Despite me being all by lonesome, it was a worthy experience. Punk legends making live music to artsy silent films. I was especially excited to hear that this evening was part of a month-long series. Every Wednesday night in January the Silent Movie Theatre is having live musicians perform with experimental movies. My flakey friends missed out on Tom Verlaine, but I didnt!
November 19th, 2008
Ok. Very fired up. Its not everyday Kraak & Smaak hit you up and say, please sit down with us. Ok, so maybe it was someone on their "team," but seriously who cares, its Kraak & Smaak.
So I drop in the copy of the new album, "Plastic People," the latest album that has them doing promotions in the United States for a few shows and I just let the album take me where it is supposed to take me. Kraak & Smaak in town for a bunch of promotions including the Jimmy Kimmel Show, decided to have a sit down with Loudvine.com(INTERVIEW HERE)
Kraak & Smaak have been around for a while, they have a sweet discography that includes "Boogie Angst" and now the dynamic Kraak & Smaak has dropped "Plastic People" for all of us to relish in. Kraak & Smaak continues to grow up with a fiercer sound. Building off the karma that comes along with playing across the world to large crowds, Kraak & Smaak have built up postivity by simply giving people what they need, good and inspired live sets. When you factor in all those experiences, combine it with an amazing collection of korgs, rhodes and mix it in with being able to digg from one of the worlds sickest vinyl collection to sample from, Kraak & Smaak on "Plastic People" continue to make music that shows they are growing, not staying static, and striving to take the next step in their own musical evolution. And we are better off because of it.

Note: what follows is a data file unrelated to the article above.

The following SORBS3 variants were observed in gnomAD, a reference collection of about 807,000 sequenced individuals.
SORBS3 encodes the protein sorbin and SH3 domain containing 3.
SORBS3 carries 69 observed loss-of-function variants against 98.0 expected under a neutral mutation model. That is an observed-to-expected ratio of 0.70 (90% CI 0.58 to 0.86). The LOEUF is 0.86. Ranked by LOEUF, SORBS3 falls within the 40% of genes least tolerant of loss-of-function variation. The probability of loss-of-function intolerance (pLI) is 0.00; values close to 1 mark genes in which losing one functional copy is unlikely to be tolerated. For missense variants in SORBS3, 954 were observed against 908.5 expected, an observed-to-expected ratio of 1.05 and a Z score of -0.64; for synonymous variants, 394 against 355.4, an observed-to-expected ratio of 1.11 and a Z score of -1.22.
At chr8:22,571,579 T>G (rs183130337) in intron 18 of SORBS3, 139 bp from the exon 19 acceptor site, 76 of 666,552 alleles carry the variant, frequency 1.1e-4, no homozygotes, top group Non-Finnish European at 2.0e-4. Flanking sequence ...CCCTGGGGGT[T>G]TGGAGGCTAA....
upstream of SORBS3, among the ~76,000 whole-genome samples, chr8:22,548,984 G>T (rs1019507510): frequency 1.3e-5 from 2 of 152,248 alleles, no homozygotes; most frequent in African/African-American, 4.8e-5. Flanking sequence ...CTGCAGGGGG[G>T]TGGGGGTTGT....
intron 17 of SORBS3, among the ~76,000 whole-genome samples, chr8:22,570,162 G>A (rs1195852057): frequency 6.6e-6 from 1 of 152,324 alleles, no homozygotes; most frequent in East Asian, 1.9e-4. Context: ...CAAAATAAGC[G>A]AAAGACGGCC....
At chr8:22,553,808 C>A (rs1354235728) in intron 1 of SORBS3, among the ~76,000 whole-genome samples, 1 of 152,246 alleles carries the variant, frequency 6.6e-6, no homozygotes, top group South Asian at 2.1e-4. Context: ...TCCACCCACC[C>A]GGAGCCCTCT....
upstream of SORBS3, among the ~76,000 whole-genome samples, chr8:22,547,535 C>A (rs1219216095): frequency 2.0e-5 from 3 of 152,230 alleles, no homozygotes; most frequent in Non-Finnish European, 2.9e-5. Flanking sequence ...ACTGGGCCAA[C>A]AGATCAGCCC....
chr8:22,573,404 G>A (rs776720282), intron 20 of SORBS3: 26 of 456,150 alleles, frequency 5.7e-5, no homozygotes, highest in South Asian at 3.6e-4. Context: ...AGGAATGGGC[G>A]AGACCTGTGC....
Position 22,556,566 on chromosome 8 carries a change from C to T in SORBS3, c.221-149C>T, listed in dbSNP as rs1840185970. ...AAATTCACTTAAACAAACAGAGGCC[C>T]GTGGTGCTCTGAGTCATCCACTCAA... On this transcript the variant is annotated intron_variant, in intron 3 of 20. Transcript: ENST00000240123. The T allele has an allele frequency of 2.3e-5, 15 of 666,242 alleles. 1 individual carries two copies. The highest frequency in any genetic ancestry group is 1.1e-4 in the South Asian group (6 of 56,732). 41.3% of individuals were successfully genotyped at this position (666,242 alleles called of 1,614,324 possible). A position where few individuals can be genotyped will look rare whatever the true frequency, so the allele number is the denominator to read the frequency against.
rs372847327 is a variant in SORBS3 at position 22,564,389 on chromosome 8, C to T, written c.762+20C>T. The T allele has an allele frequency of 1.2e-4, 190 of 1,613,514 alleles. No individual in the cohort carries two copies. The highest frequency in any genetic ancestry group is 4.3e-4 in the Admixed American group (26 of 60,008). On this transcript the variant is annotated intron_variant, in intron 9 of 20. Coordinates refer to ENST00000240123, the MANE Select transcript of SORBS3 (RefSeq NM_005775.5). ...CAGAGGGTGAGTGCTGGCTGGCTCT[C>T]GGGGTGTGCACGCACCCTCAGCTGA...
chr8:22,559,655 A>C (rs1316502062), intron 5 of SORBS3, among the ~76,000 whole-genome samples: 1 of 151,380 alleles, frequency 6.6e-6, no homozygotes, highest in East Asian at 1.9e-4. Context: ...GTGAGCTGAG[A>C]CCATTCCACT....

This latest album has eclectic, wide ranging sounds, from some eastern infused beats to more pop-ish sounds. "Plastic People" is still lined up with the funky bass lines that Kraak & Smaak are known for bumping loudly. "Plastic People" will run through you like good music is expected to, causing you to experience a wonderful hour of sounds that makes you wish you were on some dancefloor watching Kraak & Smaak spin live for you and a few of your closest thousands of friends. There is a communal feel that will connect, that feeling of wanting to share this music with others, throughout this album. You can feel it, from the title track "Plastic People, " to "Ain't Gonna Take it No More" to "Squeeze Me."